The leaves are turning crimson and falling to the ground, leaving the bare hands of trees reaching for cooler skies. October has always been the main month for the big garlic plant. Many families have a tradition to get their cloves in the ground on Thanksgiving weekend, before the cold sets in. There are many other tasks at hand that really help for the fall/winter harvests, and give you a head start for spring and summer.
Let’s begin with what to grow! Yes! Gardening season has just begun for many! Fall gardens have the benefits of not requiring as much care or as much watering with the change in weather, and the decrease in pests, as many of them are finding homes for the winter instead of foraging.
It is an excellent time to transplant seedlings of cabbage, cauliflower. beets and broccoli, as well as direct sowing quick growing peas, turnips, bok choy, kale, carrots, swiss chard, spinach and radishes. A useful tip for cabbage, cauliflower and broccoli is to bring all of their leaves up and tie them together to protect the heads from frost later on.
Another beneficial job at this time is to dig up your summer bulbs, remove any dead leaves and store bulbs in a dry place for the winter. These especially include dahlias as they can be quite damaged by the cold. Also gladioli corms and begonia tubers will do much better if dug up and stored until next year.
You can split your perennials and herbs, to prevent overcrowding while the weather is still warm. Make sure to cut them back, removing all dead leaves. I like to take photos of my gardens once my clean up is done, so I can remember where everything is before it all dies back for the winter! Herbs can also be direct sown at this time, as our climate allows for them to establish a strong root system before the cold sets in. If you plant now, by spring next year you will have an abundance of herbs, well ahead of any seeds starts you could plant at the end of May!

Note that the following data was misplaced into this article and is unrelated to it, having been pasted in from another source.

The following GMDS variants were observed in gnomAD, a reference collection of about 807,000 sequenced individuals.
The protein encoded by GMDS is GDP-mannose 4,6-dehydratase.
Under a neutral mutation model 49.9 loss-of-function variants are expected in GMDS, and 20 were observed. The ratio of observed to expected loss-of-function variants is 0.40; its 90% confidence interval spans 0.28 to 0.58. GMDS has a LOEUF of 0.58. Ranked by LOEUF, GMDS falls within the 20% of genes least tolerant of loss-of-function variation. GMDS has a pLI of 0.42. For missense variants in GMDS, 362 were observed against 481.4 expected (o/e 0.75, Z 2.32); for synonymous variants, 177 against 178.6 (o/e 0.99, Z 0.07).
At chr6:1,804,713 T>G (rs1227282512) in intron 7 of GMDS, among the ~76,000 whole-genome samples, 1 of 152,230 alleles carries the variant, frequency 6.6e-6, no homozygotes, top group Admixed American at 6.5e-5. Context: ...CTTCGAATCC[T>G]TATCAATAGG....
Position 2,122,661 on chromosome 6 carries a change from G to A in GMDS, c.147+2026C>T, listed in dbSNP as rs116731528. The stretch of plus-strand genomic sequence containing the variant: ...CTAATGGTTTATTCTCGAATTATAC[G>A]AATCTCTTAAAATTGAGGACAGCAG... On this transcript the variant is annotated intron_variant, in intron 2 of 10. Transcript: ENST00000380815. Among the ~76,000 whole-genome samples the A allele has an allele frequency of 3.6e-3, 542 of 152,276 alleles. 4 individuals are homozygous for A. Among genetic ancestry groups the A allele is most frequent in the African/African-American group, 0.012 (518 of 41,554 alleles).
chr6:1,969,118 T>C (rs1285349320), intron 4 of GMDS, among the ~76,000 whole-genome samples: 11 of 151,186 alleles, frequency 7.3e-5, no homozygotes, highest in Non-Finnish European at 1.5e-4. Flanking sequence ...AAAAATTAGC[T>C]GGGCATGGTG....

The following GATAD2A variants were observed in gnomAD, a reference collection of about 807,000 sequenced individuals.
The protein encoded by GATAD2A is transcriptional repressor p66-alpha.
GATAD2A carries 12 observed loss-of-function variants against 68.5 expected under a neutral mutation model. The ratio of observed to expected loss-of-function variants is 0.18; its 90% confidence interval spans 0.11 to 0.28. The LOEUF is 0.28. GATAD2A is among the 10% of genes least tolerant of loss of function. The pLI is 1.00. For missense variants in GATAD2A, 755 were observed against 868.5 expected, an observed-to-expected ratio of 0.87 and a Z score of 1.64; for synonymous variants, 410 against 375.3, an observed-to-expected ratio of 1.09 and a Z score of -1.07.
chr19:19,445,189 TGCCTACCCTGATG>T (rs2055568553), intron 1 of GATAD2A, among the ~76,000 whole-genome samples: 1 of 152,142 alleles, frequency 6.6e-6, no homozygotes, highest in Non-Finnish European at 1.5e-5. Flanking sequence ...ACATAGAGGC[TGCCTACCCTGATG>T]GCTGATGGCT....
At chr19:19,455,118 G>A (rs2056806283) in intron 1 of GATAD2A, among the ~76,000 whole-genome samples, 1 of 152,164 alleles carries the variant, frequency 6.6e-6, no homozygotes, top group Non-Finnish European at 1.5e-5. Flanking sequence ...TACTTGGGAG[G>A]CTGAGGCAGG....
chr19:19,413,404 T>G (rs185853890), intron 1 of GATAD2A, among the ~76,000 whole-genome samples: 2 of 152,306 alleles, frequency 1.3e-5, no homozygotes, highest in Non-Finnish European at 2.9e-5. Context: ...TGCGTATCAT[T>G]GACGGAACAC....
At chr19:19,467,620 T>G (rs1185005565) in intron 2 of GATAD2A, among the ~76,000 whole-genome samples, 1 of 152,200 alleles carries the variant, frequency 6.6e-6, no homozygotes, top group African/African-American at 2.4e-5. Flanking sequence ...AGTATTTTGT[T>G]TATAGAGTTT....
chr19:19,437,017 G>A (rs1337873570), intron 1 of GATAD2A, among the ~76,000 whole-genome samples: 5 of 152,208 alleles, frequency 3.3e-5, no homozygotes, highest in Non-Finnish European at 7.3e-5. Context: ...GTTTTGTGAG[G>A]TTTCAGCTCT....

It’s best not to rake the leaves as they offer habitats for overwintering pollinators, but in areas where you must rake, make sure to utilize those leaves for mulch in the garden. Any roses must have the fallen leaves raked and removed, and make sure to dispose of them to prevent disease and the spread of damaging fungi! Prune any climbing roses and tie the stems to prevent them from breaking in the wind.
Discover areas or your yard where you would like more privacy? This is an ideal time for the relocation of any trees, shrubs or perennials. I always take inventory of the trees that I have, and make sure to plant seedlings to ensure a diverse and balanced canopy in the future. For instance, I have lots of patches of alder which are prone to a short life expectancy, so I season those patches with douglas fir, cedar and evergreens which will flourish on the fallen decomposing alders in the future. This diversity adds strength to the root systems, and helps endure winter storms.
If you have any trees on your property that are of concern with storm season fast approaching, you can thin the crown by trimming the thinner branches right to the trunk in a spiral pattern up the tree to help deflect wind. This “spiral pruning” reduces the weight of the tree, and decreases resistance, allowing wind to travel through and around more freely. This makes the tree safer, as there is less risk of it coming down in a storm. Of course you need to contact an arborist or qualified tree specialist if it is a really large tree, but it is something to consider if you have trees of concern, especially by your home!
If your greenhouse is now empty, it’s a great opportunity to clean it up, wash it out and disinfect it. This will prevent mold, mildews and the transfer of any plant diseases. Organize that clutter of plant pots and prepare for a fresh start next year! You will thank yourself!
These fall “Chores” as we call them will give us food crops in November/December, make our perennials more resilient and prepare our yards and gardens for a successful Spring!
Angela Hicke – Van Isle Wild
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